• C.

      To detect temperature changes

    • D.

      Control cardiac and smooth muscles

    Correct Answer
    A. To contract a group of muscle fibres in response to a nerve impulse
    Explanation
    The role of a motor unit is to contract a group of muscle fibers in response to a nerve impulse. This means that when a nerve sends a signal to the motor unit, it activates the muscle fibers connected to it, causing them to contract and produce movement. Motor units are responsible for the coordination and control of muscle movement in the body.

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  • 11. 

    What structure forms the junction between a neuron and a target cell?

    • A.

      Synapse

    • B.

      Proprioceptor

    • C.

      Axon

    • D.

      Dendrite

    Correct Answer
    A. Synapse
    Explanation
    A synapse is the structure that forms the junction between a neuron and a target cell. It is a specialized connection where electrical or chemical signals are transmitted from the neuron to the target cell. The synapse allows for communication and transmission of information between neurons and other cells in the body, such as muscle cells or other neurons.

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  • 12. 

    Describe the process of motor unit recruitment?

    • A.

      An efferent nerve impulse triggers all of the fibres in the motor unit to contract

    • B.

      An afferent nerve impulse triggers all of the fibres in the motor unit to contract

    • C.

      An efferent nerve impulse triggers one muscle fibre in the motor unit to contract

    • D.

      An afferent nerve impulse triggers one muscle fibre in the motor unit to contract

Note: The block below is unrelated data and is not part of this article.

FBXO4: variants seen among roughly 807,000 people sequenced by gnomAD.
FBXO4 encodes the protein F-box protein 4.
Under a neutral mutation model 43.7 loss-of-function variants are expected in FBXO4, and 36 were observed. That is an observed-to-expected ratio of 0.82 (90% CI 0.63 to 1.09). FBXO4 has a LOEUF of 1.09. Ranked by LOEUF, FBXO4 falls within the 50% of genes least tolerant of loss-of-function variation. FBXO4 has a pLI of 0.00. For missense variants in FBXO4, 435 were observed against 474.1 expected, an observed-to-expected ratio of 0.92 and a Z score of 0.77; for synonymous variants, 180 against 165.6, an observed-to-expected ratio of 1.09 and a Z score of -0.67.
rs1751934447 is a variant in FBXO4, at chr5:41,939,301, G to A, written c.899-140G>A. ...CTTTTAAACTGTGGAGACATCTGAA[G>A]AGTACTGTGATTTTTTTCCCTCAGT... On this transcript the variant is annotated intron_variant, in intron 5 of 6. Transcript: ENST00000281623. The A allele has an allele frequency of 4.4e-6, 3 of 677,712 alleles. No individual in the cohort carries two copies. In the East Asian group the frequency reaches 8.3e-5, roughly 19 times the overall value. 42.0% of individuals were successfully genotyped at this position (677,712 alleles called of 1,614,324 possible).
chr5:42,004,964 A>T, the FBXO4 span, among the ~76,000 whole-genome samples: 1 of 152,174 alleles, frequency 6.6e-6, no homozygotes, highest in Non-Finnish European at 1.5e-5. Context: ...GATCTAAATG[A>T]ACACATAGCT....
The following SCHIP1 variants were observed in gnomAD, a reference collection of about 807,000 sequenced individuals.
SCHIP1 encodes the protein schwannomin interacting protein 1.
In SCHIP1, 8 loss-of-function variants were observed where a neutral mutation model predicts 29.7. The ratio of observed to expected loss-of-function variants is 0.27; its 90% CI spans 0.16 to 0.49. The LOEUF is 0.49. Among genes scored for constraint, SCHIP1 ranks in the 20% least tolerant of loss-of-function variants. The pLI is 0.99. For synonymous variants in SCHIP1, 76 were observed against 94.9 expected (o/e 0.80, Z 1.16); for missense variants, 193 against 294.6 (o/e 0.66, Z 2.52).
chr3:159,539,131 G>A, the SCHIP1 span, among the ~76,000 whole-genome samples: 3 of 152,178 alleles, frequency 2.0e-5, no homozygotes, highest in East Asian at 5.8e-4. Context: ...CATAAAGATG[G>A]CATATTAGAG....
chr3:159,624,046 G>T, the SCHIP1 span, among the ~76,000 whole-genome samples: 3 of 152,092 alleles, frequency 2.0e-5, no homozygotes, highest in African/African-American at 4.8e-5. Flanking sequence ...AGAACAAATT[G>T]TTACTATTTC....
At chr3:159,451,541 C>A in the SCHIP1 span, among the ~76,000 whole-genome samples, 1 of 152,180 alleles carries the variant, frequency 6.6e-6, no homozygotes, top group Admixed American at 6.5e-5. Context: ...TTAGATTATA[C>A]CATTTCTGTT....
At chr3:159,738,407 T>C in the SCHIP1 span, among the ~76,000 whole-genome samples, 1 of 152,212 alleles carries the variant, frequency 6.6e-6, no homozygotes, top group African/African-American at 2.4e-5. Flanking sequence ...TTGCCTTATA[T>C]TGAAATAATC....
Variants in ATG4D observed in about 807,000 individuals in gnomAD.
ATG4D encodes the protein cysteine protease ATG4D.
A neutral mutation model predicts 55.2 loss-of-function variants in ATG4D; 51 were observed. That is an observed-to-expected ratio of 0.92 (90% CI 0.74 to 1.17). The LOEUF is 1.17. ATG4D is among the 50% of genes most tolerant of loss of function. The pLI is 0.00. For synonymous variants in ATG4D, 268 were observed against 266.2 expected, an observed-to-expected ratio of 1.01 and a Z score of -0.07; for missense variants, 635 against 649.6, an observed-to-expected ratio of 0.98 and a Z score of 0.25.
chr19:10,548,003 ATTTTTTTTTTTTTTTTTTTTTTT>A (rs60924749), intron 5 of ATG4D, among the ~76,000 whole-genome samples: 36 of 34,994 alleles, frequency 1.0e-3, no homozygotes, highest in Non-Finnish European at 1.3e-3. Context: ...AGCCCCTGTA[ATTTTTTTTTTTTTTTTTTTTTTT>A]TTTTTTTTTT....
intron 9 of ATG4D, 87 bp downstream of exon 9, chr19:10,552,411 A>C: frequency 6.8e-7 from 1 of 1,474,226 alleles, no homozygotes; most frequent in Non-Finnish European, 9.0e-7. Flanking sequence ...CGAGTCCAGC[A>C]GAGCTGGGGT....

Correct Answer
    A. An efferent nerve impulse triggers all of the fibres in the motor unit to contract
    Explanation
    When a motor unit is recruited, an efferent nerve impulse is sent from the central nervous system to the motor unit. This impulse triggers all of the muscle fibers within the motor unit to contract simultaneously. This allows for a coordinated and synchronized contraction of the entire motor unit, leading to a more efficient and effective movement.

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  • 13. 

    What is a neuromuscular adaptation associated with training?

    • A.

      Better inter-muscular coordination during movement

    • B.

      Decreased motor recruitment patterns

    • C.

      Lower frequency of neural connections

    • D.

      Common movement patterns become harder

    Correct Answer
    A. Better inter-muscular coordination during movement
    Explanation
    Neuromuscular adaptation associated with training refers to the improvements in the communication and coordination between the nervous system and muscles during movement. This adaptation leads to better inter-muscular coordination during movement, meaning that different muscles work together more efficiently and effectively. This can result in improved performance, increased strength, and enhanced movement patterns.

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  • 14. 

    By what transmission method does a nerve impulse cross a synapse?

    • A.

      Action potential

    • B.

      Proprioception

    • C.

      Stretch reflex

    • D.

      Motor signals

    Correct Answer
    A. Action potential
    Explanation
    A nerve impulse crosses a synapse through the transmission method called action potential. Action potential refers to the electrical signal that travels along the axon of a neuron. When the action potential reaches the end of the axon, it triggers the release of neurotransmitters into the synapse. These neurotransmitters then bind to receptors on the receiving neuron, allowing the nerve impulse to continue its journey.

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  • 15. 

    During contraction of the biceps, reciprocal inhibition causes what?

    • A.

      Flexion

    • B.

      Extension

    • C.

      Abduction

    • D.